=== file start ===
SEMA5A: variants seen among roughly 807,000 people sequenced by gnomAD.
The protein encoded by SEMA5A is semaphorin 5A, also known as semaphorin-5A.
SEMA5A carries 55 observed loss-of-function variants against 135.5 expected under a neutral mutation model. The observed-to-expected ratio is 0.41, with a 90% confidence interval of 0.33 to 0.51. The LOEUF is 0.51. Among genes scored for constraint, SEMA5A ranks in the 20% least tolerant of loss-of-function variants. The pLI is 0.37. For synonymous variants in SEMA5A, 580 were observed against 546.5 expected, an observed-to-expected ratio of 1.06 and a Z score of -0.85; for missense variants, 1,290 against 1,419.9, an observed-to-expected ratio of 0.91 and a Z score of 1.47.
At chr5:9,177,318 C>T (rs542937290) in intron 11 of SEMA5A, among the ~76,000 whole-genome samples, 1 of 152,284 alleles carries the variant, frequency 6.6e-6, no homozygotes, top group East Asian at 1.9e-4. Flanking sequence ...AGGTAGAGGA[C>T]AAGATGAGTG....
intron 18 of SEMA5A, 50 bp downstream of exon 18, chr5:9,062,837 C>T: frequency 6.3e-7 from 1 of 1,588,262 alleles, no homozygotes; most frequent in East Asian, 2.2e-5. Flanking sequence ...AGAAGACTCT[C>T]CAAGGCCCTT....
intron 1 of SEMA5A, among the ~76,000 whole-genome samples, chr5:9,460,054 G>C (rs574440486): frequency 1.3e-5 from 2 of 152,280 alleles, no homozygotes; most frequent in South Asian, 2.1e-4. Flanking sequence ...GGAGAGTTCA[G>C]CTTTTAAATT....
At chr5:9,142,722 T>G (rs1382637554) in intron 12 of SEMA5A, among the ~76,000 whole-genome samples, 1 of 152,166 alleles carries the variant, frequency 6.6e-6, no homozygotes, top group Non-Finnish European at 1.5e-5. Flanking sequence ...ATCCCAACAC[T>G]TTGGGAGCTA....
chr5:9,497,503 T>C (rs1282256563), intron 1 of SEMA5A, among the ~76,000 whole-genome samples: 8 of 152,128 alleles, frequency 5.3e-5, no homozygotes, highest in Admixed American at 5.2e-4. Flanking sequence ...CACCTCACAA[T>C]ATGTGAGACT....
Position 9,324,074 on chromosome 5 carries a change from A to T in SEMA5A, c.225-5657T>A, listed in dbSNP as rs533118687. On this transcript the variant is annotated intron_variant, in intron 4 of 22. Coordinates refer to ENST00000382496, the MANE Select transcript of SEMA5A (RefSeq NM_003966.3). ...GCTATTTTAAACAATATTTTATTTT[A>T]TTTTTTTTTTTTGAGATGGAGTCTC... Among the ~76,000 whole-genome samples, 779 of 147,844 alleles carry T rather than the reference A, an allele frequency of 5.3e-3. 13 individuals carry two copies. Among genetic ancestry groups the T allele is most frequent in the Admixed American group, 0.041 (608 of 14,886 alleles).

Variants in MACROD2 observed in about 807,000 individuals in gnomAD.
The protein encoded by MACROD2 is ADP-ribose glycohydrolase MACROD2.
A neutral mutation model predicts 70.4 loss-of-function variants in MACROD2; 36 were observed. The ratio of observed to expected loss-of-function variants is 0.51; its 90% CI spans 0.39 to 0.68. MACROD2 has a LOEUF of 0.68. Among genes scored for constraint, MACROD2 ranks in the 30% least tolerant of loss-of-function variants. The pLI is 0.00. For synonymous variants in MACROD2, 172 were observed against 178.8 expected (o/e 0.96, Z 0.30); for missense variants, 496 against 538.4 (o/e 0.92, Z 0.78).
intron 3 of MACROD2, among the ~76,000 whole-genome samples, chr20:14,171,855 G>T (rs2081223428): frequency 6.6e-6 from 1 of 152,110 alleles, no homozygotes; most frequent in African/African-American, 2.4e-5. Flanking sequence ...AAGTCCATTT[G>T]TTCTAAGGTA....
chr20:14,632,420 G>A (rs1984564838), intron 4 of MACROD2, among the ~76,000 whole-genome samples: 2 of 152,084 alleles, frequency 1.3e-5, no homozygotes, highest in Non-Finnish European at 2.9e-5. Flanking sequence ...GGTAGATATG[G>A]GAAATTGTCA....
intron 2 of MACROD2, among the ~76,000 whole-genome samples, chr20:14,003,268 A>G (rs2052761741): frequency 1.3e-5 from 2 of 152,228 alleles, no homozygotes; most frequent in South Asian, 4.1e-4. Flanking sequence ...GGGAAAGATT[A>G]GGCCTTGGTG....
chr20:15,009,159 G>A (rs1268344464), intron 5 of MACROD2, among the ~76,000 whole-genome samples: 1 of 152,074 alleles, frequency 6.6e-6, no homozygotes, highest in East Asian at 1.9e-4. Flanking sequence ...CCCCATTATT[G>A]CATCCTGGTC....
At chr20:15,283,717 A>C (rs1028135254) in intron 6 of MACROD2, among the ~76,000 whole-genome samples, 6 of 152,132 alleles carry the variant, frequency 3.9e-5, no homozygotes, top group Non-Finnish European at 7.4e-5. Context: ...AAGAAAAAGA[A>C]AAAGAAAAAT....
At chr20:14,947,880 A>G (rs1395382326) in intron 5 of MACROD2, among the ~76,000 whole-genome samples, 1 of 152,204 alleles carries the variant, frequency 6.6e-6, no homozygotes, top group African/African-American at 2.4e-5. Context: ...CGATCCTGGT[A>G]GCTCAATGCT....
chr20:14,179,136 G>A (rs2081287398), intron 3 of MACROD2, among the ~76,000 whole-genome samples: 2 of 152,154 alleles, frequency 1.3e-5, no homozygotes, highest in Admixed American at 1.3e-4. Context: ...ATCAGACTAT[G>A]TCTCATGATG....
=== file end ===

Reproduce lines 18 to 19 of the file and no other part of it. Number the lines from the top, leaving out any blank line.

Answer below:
At chr20:14,947,880 A>G (rs1395382326) in intron 5 of MACROD2, among the ~76,000 whole-genome samples, 1 of 152,204 alleles carries the variant, frequency 6.6e-6, no homozygotes, top group African/African-American at 2.4e-5. Context: ...CGATCCTGGT[A>G]GCTCAATGCT....
chr20:14,179,136 G>A (rs2081287398), intron 3 of MACROD2, among the ~76,000 whole-genome samples: 2 of 152,154 alleles, frequency 1.3e-5, no homozygotes, highest in Admixed American at 1.3e-4. Context: ...ATCAGACTAT[G>A]TCTCATGATG....